Movie Review: Humboldt County
By Maureen M. Hart, Tribune Reporter
Be prepared: "Humboldt County" is a slow starter. But what appears to be the cliched "uptight nerd liberated by flighty sprite" tale - done better in films from "Bringing Up Baby" to "Barefoot in the Park" - evolves into something deeper, darker, more resonant.
Peter (Jeremy Strong) is a UCLA med student with a marked dearth of people skills, so much so that his rigid professor/doctor/father (Peter Bogdanovich) flunks him, blocking his chance at a prestigious residency. Dazed, he lets himself be hijacked by freewheeling jazz singer Bogart (Fairuza Balk), who drives him up to her family's place on California's "Lost Coast," the northern redwood forests where people live off the grid and on the cash crop marijuana. Brad Dourif and Frances Conroy play the heads of Bogart's hippie-ish household, which also includes young Charity (Madison Davenport) and sometimes includes Charity's father, Max (Chris Messina).
Like Peter, Max is also in the family business, rebelling against his father's small farmer-modest profit ethos that's designed to keep the feds off their backs, and the two men bond in ways that change them both. That Peter gets Stockholm-syndromed up there is no surprise (lots and lots of pot is smoked), but the emotional wrinkles found in the back stories of the adult characters (and deftly acted by the lot) make the trip to "Humboldt County" worth taking.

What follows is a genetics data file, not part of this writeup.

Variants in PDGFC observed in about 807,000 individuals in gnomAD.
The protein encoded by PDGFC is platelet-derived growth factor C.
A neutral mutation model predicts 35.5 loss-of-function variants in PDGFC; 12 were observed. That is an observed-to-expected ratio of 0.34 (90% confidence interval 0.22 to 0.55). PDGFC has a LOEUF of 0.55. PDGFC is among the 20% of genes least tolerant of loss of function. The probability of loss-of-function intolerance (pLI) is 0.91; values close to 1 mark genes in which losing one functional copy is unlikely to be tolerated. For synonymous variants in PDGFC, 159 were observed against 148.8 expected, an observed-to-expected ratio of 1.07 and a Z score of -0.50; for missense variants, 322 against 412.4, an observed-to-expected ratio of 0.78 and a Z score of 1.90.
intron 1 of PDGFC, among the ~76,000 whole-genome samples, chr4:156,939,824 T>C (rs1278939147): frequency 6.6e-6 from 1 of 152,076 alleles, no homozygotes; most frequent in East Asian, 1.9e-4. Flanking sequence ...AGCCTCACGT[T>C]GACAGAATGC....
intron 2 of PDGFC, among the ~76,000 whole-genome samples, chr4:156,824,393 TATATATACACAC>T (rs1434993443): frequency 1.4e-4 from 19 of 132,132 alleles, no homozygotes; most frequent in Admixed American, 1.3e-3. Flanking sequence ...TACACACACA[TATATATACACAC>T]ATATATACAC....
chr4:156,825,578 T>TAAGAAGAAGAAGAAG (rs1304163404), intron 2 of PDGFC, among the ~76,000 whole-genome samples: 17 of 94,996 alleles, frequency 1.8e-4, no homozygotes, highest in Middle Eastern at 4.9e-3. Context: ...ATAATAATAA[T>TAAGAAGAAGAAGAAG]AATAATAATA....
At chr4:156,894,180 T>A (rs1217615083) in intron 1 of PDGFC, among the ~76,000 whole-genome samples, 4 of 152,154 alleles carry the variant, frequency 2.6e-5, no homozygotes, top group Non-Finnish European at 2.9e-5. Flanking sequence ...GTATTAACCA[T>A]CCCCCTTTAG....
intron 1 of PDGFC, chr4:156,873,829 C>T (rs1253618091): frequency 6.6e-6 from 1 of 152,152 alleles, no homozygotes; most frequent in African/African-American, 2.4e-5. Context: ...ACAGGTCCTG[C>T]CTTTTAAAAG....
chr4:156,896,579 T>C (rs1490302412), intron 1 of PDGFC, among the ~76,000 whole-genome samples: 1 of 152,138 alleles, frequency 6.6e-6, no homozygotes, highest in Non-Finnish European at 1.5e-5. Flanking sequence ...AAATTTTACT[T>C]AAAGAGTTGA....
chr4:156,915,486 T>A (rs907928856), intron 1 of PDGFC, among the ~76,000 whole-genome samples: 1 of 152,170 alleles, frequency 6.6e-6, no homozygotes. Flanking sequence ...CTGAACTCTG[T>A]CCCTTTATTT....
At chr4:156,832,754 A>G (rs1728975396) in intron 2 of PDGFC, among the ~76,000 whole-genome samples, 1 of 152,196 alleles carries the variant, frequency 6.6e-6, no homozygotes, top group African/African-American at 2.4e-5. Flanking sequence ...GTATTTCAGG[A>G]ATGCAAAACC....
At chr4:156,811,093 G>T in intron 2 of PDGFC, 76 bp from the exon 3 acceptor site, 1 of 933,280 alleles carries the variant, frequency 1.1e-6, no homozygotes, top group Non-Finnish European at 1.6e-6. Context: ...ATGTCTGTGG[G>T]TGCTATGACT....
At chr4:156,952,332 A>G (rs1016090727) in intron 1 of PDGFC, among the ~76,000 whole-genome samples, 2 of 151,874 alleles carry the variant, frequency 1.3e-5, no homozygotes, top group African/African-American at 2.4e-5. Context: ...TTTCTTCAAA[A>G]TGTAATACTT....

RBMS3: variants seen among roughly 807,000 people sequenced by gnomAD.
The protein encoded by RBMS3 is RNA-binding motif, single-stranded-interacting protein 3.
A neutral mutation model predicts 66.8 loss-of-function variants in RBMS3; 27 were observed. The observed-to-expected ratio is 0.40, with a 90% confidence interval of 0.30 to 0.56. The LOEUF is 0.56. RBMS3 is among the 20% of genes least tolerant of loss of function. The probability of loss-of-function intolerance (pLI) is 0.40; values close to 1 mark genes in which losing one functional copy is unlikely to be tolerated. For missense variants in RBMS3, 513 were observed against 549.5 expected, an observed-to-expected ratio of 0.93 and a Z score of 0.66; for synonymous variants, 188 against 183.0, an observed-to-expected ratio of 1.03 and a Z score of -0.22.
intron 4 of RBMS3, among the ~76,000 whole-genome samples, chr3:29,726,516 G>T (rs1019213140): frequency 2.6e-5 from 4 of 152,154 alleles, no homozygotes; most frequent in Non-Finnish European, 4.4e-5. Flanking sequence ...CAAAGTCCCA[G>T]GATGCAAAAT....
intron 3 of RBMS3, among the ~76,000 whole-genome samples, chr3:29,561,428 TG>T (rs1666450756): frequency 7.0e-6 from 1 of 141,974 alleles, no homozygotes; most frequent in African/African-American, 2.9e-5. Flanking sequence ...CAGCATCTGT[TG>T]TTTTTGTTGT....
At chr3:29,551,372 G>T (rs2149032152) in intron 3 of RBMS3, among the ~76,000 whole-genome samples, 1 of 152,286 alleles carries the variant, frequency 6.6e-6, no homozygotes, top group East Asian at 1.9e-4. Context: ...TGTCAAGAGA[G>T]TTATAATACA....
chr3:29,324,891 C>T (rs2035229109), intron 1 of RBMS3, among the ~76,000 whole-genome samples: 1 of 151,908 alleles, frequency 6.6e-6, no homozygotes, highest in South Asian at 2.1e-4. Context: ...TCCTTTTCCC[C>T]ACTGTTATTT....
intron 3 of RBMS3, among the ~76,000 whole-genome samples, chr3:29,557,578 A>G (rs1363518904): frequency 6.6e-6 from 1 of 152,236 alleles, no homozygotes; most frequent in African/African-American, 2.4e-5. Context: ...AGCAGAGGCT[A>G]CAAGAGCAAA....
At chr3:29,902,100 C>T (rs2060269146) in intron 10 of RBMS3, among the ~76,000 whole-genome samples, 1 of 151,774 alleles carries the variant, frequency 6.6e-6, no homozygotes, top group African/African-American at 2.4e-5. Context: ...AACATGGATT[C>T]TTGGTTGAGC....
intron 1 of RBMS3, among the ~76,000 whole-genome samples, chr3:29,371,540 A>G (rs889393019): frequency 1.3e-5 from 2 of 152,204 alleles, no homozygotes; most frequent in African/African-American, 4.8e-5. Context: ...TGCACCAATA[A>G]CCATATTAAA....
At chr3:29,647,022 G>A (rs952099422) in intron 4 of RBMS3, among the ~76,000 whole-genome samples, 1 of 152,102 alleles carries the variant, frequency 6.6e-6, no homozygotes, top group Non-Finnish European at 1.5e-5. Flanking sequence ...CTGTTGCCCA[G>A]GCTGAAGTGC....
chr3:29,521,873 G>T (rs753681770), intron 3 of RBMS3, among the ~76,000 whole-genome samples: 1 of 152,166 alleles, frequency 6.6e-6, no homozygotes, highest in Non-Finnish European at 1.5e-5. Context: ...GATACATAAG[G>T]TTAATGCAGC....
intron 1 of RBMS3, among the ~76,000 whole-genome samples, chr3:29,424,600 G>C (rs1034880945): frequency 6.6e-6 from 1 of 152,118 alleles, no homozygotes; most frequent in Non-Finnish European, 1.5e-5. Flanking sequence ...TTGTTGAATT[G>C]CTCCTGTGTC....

MPAA rating: R (for drug content and language throughout).
Running time: 1:37.
Opening: Friday at the Wilmette Theatre.
Starring: Jeremy Strong (Peter); Fairuza Balk (Bogart); Peter Bogdanovich (Prof. Hadley); Frances Conroy (Rosie); Brad Dourif (Jack); Chris Messina (Max); Madison Davenport (Charity).
Written and directed by Darren Grodsky and Danny Jacobs; photographed by Ernest Holzman; edited by Ed Marx; music by iZLER; production design by Freddy Naff; produced by Jason Weiss. A Magnolia Pictures release.